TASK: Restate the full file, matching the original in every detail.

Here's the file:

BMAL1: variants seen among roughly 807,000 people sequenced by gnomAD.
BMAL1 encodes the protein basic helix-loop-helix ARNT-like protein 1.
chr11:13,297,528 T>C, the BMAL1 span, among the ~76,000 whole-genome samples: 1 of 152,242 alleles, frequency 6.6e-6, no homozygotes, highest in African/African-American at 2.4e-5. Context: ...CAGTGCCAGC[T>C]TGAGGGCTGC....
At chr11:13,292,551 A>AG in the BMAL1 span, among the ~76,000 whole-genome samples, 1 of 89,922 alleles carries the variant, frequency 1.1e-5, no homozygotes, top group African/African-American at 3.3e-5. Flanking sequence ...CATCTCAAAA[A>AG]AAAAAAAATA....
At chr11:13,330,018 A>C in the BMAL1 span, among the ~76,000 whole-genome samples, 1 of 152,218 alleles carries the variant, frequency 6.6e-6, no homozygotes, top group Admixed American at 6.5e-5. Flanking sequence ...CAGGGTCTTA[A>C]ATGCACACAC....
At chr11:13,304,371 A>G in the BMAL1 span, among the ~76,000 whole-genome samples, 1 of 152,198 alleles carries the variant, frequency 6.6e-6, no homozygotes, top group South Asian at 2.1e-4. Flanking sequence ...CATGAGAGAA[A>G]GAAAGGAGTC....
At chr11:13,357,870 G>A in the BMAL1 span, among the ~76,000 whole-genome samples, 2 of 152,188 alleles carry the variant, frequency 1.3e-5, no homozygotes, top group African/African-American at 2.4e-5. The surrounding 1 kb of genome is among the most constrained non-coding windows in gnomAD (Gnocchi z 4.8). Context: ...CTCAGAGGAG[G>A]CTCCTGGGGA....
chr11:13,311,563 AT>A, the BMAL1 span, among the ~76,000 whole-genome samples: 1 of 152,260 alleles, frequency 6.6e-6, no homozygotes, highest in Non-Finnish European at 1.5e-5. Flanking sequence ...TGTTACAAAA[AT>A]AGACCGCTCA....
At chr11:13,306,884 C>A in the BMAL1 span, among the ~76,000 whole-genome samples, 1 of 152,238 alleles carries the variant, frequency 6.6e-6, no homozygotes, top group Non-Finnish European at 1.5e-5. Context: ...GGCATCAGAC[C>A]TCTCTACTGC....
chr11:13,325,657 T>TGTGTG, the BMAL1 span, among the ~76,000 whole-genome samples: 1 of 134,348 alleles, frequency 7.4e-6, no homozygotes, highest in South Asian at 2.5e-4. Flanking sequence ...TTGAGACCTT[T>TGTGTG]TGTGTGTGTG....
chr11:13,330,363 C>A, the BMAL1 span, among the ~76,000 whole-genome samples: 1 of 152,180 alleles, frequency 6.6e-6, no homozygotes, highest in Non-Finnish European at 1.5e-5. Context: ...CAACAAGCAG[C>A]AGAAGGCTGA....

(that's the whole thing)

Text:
BMAL1: variants seen among roughly 807,000 people sequenced by gnomAD.
BMAL1 encodes the protein basic helix-loop-helix ARNT-like protein 1.
chr11:13,297,528 T>C, the BMAL1 span, among the ~76,000 whole-genome samples: 1 of 152,242 alleles, frequency 6.6e-6, no homozygotes, highest in African/African-American at 2.4e-5. Context: ...CAGTGCCAGC[T>C]TGAGGGCTGC....
At chr11:13,292,551 A>AG in the BMAL1 span, among the ~76,000 whole-genome samples, 1 of 89,922 alleles carries the variant, frequency 1.1e-5, no homozygotes, top group African/African-American at 3.3e-5. Flanking sequence ...CATCTCAAAA[A>AG]AAAAAAAATA....
At chr11:13,330,018 A>C in the BMAL1 span, among the ~76,000 whole-genome samples, 1 of 152,218 alleles carries the variant, frequency 6.6e-6, no homozygotes, top group Admixed American at 6.5e-5. Flanking sequence ...CAGGGTCTTA[A>C]ATGCACACAC....
At chr11:13,304,371 A>G in the BMAL1 span, among the ~76,000 whole-genome samples, 1 of 152,198 alleles carries the variant, frequency 6.6e-6, no homozygotes, top group South Asian at 2.1e-4. Flanking sequence ...CATGAGAGAA[A>G]GAAAGGAGTC....
At chr11:13,357,870 G>A in the BMAL1 span, among the ~76,000 whole-genome samples, 2 of 152,188 alleles carry the variant, frequency 1.3e-5, no homozygotes, top group African/African-American at 2.4e-5. The surrounding 1 kb of genome is among the most constrained non-coding windows in gnomAD (Gnocchi z 4.8). Context: ...CTCAGAGGAG[G>A]CTCCTGGGGA....
chr11:13,311,563 AT>A, the BMAL1 span, among the ~76,000 whole-genome samples: 1 of 152,260 alleles, frequency 6.6e-6, no homozygotes, highest in Non-Finnish European at 1.5e-5. Flanking sequence ...TGTTACAAAA[AT>A]AGACCGCTCA....
At chr11:13,306,884 C>A in the BMAL1 span, among the ~76,000 whole-genome samples, 1 of 152,238 alleles carries the variant, frequency 6.6e-6, no homozygotes, top group Non-Finnish European at 1.5e-5. Context: ...GGCATCAGAC[C>A]TCTCTACTGC....
chr11:13,325,657 T>TGTGTG, the BMAL1 span, among the ~76,000 whole-genome samples: 1 of 134,348 alleles, frequency 7.4e-6, no homozygotes, highest in South Asian at 2.5e-4. Flanking sequence ...TTGAGACCTT[T>TGTGTG]TGTGTGTGTG....
chr11:13,330,363 C>A, the BMAL1 span, among the ~76,000 whole-genome samples: 1 of 152,180 alleles, frequency 6.6e-6, no homozygotes, highest in Non-Finnish European at 1.5e-5. Context: ...CAACAAGCAG[C>A]AGAAGGCTGA....